The first public attack against a writer in America… Khomeini shed his blood
Writer Salman Rushdie, whose death Ayatollah Khomeini issued a fatwa in 1989 for his book “The Satanic Verses”, was stabbed in the neck at the Chautauqua Institute theater in western New York yesterday.
An Associated Press reporter who was at the scene confirmed that Rushdie, 75, was apparently stabbed in the neck by a man as he was about to give a lecture. According to the agency, the attacker began punching or stabbing Rushdie 10 to 15 times. Witnesses reported that the attacker was handcuffed shortly afterwards. Rushdi’s health condition was not immediately known, but a helicopter was called to the scene and rushed to the hospital.
Later yesterday, the New York Governor confirmed that Rushdie is alive and being treated in hospital, while the British writer’s agent confirmed that he underwent surgery.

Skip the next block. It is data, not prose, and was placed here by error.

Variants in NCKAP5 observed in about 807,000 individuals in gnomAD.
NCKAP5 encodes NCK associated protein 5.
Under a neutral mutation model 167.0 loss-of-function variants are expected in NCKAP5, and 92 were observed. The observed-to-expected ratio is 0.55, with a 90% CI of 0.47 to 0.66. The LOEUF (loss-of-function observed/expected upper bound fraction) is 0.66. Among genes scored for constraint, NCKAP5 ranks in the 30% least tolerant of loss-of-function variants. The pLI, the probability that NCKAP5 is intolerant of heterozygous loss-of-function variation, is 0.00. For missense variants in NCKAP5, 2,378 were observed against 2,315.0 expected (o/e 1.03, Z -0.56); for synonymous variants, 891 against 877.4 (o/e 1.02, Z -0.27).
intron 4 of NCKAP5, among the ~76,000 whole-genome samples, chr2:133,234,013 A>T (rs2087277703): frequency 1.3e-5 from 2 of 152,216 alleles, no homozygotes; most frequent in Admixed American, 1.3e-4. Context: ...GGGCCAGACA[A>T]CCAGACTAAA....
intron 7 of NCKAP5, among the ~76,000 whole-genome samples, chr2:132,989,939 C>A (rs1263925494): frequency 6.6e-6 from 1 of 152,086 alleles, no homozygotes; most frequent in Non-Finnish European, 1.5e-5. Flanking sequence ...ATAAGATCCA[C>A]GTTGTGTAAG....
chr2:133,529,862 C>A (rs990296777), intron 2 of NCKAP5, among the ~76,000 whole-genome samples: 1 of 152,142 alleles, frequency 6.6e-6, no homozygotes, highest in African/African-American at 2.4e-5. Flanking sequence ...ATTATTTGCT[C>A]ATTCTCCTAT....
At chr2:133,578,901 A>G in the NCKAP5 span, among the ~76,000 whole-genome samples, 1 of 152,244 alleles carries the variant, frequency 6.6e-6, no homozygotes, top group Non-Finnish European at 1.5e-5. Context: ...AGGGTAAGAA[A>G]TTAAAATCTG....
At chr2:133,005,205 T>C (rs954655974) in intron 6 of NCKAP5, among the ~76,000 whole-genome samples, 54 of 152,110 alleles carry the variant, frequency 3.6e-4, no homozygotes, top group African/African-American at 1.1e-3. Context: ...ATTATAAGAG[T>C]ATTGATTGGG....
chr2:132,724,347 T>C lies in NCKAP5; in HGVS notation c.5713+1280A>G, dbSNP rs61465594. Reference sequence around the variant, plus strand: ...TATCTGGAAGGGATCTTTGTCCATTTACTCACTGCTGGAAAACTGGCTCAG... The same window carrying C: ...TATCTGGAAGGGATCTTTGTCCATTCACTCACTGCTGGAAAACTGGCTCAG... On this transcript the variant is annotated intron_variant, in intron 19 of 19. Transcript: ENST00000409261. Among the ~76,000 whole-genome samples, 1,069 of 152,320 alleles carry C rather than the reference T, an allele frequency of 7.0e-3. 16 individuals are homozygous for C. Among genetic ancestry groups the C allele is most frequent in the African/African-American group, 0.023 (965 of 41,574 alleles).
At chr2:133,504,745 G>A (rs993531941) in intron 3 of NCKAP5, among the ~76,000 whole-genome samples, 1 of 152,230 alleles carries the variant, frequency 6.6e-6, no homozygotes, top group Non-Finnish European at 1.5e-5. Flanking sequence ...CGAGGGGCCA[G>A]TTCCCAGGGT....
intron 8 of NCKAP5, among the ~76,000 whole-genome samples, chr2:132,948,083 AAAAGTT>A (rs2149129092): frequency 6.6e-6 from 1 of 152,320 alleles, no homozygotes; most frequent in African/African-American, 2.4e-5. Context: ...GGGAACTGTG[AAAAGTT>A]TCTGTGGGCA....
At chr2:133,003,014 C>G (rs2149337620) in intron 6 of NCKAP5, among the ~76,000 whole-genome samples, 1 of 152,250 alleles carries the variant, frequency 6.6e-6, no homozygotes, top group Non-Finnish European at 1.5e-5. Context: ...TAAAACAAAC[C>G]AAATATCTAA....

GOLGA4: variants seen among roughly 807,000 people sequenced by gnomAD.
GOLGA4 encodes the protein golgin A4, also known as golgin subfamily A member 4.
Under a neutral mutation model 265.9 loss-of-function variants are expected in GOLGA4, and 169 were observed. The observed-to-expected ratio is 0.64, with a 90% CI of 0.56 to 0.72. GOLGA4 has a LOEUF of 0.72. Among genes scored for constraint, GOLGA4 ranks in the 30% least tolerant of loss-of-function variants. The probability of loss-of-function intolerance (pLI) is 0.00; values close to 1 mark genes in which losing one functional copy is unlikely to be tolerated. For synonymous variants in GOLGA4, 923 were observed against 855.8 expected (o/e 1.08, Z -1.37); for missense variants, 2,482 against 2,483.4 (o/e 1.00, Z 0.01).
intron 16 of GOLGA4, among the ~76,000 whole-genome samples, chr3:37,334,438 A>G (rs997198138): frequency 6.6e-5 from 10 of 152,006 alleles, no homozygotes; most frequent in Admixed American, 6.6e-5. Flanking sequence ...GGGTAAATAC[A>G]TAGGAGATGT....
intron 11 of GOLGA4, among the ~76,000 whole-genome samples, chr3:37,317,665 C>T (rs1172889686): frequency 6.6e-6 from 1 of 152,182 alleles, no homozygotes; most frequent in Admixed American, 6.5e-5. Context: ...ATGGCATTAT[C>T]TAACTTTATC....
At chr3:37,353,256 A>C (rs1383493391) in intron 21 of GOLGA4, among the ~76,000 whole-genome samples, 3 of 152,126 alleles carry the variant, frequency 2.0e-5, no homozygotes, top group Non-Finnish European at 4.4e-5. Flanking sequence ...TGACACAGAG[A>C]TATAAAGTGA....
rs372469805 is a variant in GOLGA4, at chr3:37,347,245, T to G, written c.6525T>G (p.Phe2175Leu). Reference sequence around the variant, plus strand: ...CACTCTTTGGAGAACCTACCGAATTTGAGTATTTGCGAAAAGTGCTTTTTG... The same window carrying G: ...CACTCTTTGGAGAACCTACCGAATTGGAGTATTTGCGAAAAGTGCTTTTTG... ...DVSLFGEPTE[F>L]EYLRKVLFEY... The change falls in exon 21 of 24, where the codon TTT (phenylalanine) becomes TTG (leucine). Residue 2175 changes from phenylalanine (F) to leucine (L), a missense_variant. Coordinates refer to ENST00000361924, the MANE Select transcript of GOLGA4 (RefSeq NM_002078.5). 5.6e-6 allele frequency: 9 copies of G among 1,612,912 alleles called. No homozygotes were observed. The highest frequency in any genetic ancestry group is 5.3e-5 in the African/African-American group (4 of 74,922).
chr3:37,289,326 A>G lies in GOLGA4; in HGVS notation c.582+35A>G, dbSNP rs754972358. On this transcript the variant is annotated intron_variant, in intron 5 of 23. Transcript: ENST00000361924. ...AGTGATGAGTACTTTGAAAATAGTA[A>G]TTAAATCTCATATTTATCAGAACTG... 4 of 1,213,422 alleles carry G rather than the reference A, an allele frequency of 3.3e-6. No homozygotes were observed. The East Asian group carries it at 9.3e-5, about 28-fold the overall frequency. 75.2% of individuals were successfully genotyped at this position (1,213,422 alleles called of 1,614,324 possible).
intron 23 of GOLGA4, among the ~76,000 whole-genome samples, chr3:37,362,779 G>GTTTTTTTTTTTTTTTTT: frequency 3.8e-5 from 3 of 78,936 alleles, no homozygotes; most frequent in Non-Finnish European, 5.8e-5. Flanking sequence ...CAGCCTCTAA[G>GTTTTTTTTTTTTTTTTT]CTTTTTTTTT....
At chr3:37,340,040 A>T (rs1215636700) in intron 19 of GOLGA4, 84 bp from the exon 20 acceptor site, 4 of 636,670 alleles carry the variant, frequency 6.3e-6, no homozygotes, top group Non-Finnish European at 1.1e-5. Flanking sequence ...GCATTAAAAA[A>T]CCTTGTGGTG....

Rushdie’s fourth novel, The Satanic Verses, was banned in many Muslim countries when it was published in 1988. A year later, Iranian leader Ayatollah Khomeini issued a fatwa calling on Muslims to kill the novelist. The Iranian government has long distanced itself from the fatwa, but anti-Rushdie sentiment remains. Censorship Index, an organization that promotes free speech, said the money was raised to boost the reward for his most recent murder in 2016.
Rushdie is a former president of PEN America. The organization’s chief executive, Susan Nossel, said in a statement she was “shocked and horrified” by the attack. “We cannot think of an incident comparable to a violent public attack on a literary writer on American soil,” she added.